Tuesday, December 22, 2009

16th & Massachusetts Ashcan Edition

I don't quite know what to do with this new section of mine. I originally planned on doing stories of history about where I'm from but then I decided to do something different and make it more of a grab-bag type of thing but then I realized that there's no way I could do different stuff every other week or so but that may be a future thing if I can think of stuff to do. Then I thought about not even starting the new section until I could definitely come up with something to put in it but then I came back to the history thing. Always to the history thing. So, here are three short histories from where I am from. If you like it or hate it, let me know. "The Corner of 16th & Massachusetts" makes it's official debut in mid-January just so you're prepared.

Fifteen miles southwest of Lawrence, along a road known as the Lawrence, Bloomington, Clinton and Emporia Trail, a few families settled in an area near Rock Creek in late 1854. The small community was disected diagonally by the trail and a look at a map of the area, County Roads 6 and 1023 follow virtually the same route. In 1856, a Scottish immigrant settled a few miles southwest of the small community and established the St. John's Catholic Church and started a small cemetery. After numerous other Catholic settlers came to the area, it was learned that when Rock Creek would flood, it would keep people on the south side from attending church or visiting the cemetery so the church was moved to a new location near Lapeer which is now the St. Francis of Assisi Catholic Church. The foundation of the old church is still visible in the southwest corner of the Rock Creek Cemetery.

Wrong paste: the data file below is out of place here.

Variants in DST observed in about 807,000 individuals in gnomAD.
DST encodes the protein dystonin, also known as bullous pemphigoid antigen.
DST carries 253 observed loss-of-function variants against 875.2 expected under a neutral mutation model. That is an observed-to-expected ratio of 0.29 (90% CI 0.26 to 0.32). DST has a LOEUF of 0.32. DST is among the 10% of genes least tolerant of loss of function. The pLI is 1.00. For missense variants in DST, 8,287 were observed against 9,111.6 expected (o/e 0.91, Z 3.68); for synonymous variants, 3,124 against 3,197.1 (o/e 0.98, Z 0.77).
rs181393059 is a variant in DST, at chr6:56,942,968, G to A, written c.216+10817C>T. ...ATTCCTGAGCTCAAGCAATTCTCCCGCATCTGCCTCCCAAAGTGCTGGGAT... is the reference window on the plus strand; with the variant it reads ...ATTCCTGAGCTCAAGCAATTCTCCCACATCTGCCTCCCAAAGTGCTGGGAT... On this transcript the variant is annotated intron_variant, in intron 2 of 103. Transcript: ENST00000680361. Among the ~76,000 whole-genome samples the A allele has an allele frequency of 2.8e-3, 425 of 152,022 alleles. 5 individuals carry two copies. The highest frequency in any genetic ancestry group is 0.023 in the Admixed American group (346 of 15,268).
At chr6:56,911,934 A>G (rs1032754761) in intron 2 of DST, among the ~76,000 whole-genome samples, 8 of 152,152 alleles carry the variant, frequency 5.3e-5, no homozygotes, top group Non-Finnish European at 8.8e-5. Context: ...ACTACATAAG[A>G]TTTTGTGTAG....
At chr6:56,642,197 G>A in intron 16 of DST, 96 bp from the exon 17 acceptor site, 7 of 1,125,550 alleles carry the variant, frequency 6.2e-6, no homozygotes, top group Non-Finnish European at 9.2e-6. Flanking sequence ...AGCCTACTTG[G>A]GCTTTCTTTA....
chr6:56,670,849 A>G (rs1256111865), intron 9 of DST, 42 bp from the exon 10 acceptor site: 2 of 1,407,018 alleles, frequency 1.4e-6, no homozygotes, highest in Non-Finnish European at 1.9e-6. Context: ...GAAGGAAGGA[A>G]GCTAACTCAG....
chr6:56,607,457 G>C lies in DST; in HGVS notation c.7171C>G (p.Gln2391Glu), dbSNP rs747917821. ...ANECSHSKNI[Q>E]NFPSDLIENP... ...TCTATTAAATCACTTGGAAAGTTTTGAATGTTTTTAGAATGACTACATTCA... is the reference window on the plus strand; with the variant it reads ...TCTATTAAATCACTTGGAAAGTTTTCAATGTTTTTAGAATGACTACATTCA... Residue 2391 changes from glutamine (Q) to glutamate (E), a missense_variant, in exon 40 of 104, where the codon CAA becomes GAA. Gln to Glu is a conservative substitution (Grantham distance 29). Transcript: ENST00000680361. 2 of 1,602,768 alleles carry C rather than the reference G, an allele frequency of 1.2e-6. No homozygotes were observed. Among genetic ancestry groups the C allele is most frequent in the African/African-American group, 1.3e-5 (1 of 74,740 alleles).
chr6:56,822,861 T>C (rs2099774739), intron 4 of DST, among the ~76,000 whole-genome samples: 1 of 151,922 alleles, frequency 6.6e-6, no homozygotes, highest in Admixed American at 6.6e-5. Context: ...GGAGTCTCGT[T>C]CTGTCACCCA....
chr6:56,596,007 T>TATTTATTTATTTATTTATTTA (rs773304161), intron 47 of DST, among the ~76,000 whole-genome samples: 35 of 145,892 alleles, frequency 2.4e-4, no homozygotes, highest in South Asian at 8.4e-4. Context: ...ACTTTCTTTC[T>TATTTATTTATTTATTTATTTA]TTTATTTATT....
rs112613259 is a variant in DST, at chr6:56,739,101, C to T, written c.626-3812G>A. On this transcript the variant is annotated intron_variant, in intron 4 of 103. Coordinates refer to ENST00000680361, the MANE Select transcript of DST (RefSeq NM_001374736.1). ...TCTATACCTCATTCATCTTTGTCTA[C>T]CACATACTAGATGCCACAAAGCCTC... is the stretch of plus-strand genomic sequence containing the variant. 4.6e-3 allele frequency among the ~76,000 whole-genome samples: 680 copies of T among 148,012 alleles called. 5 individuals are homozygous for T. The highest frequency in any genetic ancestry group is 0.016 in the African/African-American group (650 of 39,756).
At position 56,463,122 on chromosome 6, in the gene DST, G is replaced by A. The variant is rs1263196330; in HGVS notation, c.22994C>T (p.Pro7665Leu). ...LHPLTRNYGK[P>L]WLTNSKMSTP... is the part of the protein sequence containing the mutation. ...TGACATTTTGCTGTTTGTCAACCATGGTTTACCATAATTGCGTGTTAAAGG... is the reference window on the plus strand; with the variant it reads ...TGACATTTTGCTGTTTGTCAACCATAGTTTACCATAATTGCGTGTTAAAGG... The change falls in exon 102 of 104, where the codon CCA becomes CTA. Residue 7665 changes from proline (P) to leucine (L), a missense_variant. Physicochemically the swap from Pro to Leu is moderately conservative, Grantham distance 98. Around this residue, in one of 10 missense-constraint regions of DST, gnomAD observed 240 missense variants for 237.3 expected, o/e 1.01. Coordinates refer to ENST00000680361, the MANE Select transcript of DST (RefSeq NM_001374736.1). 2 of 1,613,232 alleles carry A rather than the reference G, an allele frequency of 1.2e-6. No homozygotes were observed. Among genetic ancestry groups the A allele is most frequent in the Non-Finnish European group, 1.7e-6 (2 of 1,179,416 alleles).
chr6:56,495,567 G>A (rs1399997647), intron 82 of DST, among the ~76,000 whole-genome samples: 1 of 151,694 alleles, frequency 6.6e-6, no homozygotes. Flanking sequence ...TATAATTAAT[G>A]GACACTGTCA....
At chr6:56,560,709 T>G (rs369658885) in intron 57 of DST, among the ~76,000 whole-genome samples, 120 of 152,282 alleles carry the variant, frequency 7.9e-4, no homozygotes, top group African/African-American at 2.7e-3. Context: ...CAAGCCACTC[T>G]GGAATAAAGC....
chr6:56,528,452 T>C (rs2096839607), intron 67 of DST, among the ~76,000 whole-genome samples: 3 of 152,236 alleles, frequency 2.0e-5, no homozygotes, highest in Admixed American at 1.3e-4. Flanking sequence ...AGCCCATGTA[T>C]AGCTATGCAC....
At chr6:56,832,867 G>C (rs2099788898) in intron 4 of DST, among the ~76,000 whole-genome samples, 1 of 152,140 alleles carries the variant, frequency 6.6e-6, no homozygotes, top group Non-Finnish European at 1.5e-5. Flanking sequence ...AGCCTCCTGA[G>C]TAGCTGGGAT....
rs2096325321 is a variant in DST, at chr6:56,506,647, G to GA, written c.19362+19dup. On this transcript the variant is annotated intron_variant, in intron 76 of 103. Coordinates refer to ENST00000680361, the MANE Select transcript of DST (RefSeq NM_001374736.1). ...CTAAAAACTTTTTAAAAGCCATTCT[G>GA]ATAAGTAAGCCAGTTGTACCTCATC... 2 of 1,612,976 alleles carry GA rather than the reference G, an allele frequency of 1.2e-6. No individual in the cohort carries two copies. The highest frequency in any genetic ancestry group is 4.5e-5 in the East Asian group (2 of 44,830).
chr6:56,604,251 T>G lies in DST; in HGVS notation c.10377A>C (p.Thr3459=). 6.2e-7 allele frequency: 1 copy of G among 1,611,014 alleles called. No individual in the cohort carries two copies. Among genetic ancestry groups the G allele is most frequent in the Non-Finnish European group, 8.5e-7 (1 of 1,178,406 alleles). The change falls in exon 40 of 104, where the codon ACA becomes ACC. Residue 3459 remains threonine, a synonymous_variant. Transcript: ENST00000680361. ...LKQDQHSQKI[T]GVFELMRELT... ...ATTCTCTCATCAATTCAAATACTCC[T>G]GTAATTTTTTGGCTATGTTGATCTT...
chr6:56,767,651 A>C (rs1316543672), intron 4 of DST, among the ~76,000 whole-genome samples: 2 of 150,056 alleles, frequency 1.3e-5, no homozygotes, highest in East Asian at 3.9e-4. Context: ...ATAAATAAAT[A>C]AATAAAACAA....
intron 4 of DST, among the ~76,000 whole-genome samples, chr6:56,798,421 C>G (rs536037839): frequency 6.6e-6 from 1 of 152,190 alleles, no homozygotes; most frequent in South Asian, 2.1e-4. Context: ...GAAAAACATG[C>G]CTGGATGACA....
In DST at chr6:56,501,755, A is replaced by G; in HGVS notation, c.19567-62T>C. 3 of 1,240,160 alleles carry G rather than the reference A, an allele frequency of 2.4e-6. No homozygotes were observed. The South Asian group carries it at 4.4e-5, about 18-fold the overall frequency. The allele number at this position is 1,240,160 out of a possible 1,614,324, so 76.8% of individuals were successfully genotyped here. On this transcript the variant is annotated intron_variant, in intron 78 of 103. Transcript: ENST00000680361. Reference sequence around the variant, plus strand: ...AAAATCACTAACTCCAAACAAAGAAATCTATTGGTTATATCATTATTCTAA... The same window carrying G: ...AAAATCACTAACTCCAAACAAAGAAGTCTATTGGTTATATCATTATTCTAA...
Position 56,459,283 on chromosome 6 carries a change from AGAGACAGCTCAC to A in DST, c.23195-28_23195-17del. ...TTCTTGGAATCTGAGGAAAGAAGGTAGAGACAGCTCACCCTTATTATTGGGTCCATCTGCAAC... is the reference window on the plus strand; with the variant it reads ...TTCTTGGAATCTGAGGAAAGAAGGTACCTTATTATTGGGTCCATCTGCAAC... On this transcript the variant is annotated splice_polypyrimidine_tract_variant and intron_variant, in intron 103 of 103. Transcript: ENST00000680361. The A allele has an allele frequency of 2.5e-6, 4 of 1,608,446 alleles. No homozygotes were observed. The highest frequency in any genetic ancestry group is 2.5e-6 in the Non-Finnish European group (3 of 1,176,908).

By 1869, the small community was it's own separate entity from nearby Clinton and Twin Mound and was named Belvoir after Fort Belvoir in Virginia which was chosen by Lawrence D. Bailey. Bailey immediately decided that a schoolhouse should be built and in 1865, the school was completed for a cost of $1,500. Because of Belvoir's proximity to Clinton and Twin Mound, there was no post office until 1868. However, in 1873, Belvoir moved to two and a half miles north where a new railroad had been constructed. Only the Belvoir School remained open while the rest of Belvoir's businesses moved to New Belvoir. The first school in New Belvoir was constructed in 1874. The railroad quickly went out of business, the post office closed in 1874 and reopened briefly between 1888 and 1903 but New Belvoir remained a small country town until construction on Clinton Lake began. Ironically, New Belvoir had to be demolished and is now underwater while old Belvoir remains above water.

Information gathered from Soil of Our Souls by Martha Parker and Betty Laird, Parker-Laird Enterprises 1976, 1994. Photos by author.

Standing alone and abandoned in a field north of Lawrence but just south of Midland is a beautiful stone house with detailed Italianate windows, roofs and chimneys. The Vermilya-Boener house stands as a testament to Elijah and Cynthia Vermilya, early settlers of Douglas County. The Vermilya family moved to Douglas County in 1866 and lived in a log cabin while William worked with Swedish stonemasons to construct the Italian Villa-style house that now stands on the property. The building remained in the Vermilya-Boener family until it was sold in the mid-1950s and was used as a residence until 1948. It has remained vacant since.